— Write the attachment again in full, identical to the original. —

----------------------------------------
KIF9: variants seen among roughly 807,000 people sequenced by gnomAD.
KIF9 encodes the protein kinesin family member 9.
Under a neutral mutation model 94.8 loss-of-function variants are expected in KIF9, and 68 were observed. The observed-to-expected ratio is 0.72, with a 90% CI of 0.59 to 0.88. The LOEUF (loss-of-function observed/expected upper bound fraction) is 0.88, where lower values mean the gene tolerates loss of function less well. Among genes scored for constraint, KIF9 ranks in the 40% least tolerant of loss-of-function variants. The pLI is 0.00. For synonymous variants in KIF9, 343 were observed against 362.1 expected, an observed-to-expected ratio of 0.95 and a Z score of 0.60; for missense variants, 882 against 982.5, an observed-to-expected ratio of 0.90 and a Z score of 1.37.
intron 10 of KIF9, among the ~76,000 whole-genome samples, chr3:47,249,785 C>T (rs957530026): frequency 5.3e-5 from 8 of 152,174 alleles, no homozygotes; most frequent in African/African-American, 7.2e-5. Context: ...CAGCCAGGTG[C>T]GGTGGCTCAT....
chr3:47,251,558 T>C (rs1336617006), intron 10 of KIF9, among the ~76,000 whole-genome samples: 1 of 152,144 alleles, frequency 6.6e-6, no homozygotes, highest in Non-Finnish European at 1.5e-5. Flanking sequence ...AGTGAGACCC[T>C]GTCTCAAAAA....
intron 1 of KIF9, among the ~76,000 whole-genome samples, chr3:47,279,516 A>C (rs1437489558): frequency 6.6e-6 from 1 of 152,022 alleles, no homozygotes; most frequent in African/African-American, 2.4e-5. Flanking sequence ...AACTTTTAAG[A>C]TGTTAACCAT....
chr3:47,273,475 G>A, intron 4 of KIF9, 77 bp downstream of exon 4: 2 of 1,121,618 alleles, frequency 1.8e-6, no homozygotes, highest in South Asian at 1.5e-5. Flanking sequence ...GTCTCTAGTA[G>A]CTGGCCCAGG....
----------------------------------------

KIF9: variants seen among roughly 807,000 people sequenced by gnomAD.
KIF9 encodes the protein kinesin family member 9.
Under a neutral mutation model 94.8 loss-of-function variants are expected in KIF9, and 68 were observed. The observed-to-expected ratio is 0.72, with a 90% CI of 0.59 to 0.88. The LOEUF (loss-of-function observed/expected upper bound fraction) is 0.88, where lower values mean the gene tolerates loss of function less well. Among genes scored for constraint, KIF9 ranks in the 40% least tolerant of loss-of-function variants. The pLI is 0.00. For synonymous variants in KIF9, 343 were observed against 362.1 expected, an observed-to-expected ratio of 0.95 and a Z score of 0.60; for missense variants, 882 against 982.5, an observed-to-expected ratio of 0.90 and a Z score of 1.37.
intron 10 of KIF9, among the ~76,000 whole-genome samples, chr3:47,249,785 C>T (rs957530026): frequency 5.3e-5 from 8 of 152,174 alleles, no homozygotes; most frequent in African/African-American, 7.2e-5. Context: ...CAGCCAGGTG[C>T]GGTGGCTCAT....
chr3:47,251,558 T>C (rs1336617006), intron 10 of KIF9, among the ~76,000 whole-genome samples: 1 of 152,144 alleles, frequency 6.6e-6, no homozygotes, highest in Non-Finnish European at 1.5e-5. Flanking sequence ...AGTGAGACCC[T>C]GTCTCAAAAA....
intron 1 of KIF9, among the ~76,000 whole-genome samples, chr3:47,279,516 A>C (rs1437489558): frequency 6.6e-6 from 1 of 152,022 alleles, no homozygotes; most frequent in African/African-American, 2.4e-5. Flanking sequence ...AACTTTTAAG[A>C]TGTTAACCAT....
chr3:47,273,475 G>A, intron 4 of KIF9, 77 bp downstream of exon 4: 2 of 1,121,618 alleles, frequency 1.8e-6, no homozygotes, highest in South Asian at 1.5e-5. Flanking sequence ...GTCTCTAGTA[G>A]CTGGCCCAGG....